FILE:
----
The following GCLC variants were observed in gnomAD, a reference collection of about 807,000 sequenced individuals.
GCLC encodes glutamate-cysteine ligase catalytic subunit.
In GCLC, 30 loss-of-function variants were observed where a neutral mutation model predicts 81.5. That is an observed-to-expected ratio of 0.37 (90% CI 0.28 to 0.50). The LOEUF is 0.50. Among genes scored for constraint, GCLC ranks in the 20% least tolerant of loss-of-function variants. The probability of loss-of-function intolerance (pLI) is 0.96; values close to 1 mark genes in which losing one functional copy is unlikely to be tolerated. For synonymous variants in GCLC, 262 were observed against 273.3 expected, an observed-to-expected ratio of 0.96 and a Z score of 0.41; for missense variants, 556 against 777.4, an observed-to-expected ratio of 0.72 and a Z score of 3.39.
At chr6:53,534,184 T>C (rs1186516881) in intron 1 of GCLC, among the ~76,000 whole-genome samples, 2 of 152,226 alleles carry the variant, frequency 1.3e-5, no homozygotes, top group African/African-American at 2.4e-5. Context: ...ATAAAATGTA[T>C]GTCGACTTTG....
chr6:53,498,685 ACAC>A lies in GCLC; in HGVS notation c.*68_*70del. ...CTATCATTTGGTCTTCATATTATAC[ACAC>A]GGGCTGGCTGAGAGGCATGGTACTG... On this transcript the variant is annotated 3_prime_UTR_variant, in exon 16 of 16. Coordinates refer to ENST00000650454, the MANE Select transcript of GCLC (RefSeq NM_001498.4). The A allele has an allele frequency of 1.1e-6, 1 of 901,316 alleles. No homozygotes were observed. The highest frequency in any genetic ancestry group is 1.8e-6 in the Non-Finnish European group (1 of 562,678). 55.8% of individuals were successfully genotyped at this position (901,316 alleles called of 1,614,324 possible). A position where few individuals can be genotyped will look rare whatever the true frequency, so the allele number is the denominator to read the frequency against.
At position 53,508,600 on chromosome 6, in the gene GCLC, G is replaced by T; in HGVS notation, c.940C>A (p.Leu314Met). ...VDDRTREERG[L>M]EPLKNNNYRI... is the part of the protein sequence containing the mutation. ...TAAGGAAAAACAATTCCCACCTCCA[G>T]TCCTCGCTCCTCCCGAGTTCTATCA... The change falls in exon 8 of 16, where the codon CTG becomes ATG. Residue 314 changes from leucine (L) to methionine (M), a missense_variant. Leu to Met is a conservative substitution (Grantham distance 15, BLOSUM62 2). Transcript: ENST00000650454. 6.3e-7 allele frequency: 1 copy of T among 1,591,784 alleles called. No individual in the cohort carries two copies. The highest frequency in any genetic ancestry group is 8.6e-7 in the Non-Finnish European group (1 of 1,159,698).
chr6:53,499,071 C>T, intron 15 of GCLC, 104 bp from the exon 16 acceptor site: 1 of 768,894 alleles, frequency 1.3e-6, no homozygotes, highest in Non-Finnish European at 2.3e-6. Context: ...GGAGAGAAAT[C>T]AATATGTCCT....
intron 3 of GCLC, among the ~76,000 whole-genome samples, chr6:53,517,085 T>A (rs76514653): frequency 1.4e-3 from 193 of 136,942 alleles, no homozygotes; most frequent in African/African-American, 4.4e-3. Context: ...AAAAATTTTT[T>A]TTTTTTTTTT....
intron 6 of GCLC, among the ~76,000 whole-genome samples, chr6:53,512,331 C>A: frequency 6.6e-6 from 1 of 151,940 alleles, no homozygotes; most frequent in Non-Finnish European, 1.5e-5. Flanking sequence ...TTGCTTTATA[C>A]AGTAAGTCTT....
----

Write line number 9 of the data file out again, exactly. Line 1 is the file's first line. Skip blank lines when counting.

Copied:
intron 6 of GCLC, among the ~76,000 whole-genome samples, chr6:53,512,331 C>A: frequency 6.6e-6 from 1 of 151,940 alleles, no homozygotes; most frequent in Non-Finnish European, 1.5e-5. Flanking sequence ...TTGCTTTATA[C>A]AGTAAGTCTT....